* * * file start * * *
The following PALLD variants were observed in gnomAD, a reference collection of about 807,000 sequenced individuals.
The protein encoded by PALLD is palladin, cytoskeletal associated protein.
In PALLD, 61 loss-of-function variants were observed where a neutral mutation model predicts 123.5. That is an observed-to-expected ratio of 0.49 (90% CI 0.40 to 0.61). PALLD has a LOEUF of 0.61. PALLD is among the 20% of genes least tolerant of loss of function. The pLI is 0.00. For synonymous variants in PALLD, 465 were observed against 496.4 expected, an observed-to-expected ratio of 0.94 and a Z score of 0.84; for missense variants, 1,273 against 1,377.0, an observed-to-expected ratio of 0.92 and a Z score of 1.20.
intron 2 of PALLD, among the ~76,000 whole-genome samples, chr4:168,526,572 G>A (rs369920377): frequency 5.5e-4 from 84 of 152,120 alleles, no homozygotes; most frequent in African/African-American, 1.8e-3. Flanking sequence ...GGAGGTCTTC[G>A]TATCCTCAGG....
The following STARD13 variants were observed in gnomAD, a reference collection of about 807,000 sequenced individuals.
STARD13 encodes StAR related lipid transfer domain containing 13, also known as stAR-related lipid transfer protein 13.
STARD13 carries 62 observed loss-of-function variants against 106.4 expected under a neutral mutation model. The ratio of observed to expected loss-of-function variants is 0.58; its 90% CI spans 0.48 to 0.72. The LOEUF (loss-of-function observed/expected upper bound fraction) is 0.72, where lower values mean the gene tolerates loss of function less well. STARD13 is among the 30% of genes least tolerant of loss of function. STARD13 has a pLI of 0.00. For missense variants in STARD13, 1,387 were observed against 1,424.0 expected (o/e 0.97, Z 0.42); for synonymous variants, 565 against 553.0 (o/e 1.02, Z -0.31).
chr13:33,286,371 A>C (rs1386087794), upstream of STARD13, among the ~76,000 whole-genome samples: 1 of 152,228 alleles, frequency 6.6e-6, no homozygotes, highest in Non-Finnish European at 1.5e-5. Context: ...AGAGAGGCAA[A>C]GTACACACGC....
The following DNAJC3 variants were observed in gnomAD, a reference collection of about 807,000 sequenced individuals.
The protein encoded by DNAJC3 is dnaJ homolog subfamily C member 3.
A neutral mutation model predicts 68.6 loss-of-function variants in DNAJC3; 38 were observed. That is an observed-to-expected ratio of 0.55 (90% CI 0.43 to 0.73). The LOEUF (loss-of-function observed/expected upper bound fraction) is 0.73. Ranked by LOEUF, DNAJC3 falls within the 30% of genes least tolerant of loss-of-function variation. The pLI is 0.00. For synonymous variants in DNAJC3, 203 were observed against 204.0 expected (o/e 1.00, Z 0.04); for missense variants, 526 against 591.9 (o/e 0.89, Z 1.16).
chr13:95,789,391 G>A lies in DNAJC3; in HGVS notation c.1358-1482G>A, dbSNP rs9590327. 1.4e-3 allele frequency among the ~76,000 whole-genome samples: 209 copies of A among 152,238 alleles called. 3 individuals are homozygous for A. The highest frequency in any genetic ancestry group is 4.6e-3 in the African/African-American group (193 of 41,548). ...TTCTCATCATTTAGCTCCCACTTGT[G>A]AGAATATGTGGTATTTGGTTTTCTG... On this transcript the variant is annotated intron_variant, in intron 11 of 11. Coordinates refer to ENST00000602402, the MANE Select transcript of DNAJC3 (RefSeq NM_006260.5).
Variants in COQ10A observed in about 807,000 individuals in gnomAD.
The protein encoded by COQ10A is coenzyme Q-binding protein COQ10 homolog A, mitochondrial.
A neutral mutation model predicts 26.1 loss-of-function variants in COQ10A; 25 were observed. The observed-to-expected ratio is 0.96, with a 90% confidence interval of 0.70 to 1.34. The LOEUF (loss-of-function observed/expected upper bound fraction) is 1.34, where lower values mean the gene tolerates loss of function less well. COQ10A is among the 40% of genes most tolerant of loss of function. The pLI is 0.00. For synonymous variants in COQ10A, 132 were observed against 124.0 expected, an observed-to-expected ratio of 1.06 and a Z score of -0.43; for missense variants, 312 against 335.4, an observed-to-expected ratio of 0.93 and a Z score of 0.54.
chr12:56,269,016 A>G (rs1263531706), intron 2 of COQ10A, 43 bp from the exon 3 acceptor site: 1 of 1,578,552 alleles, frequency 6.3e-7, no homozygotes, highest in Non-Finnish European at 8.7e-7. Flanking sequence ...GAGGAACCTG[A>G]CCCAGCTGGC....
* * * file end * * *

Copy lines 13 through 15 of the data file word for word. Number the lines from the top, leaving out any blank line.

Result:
Variants in COQ10A observed in about 807,000 individuals in gnomAD.
The protein encoded by COQ10A is coenzyme Q-binding protein COQ10 homolog A, mitochondrial.
A neutral mutation model predicts 26.1 loss-of-function variants in COQ10A; 25 were observed. The observed-to-expected ratio is 0.96, with a 90% confidence interval of 0.70 to 1.34. The LOEUF (loss-of-function observed/expected upper bound fraction) is 1.34, where lower values mean the gene tolerates loss of function less well. COQ10A is among the 40% of genes most tolerant of loss of function. The pLI is 0.00. For synonymous variants in COQ10A, 132 were observed against 124.0 expected, an observed-to-expected ratio of 1.06 and a Z score of -0.43; for missense variants, 312 against 335.4, an observed-to-expected ratio of 0.93 and a Z score of 0.54.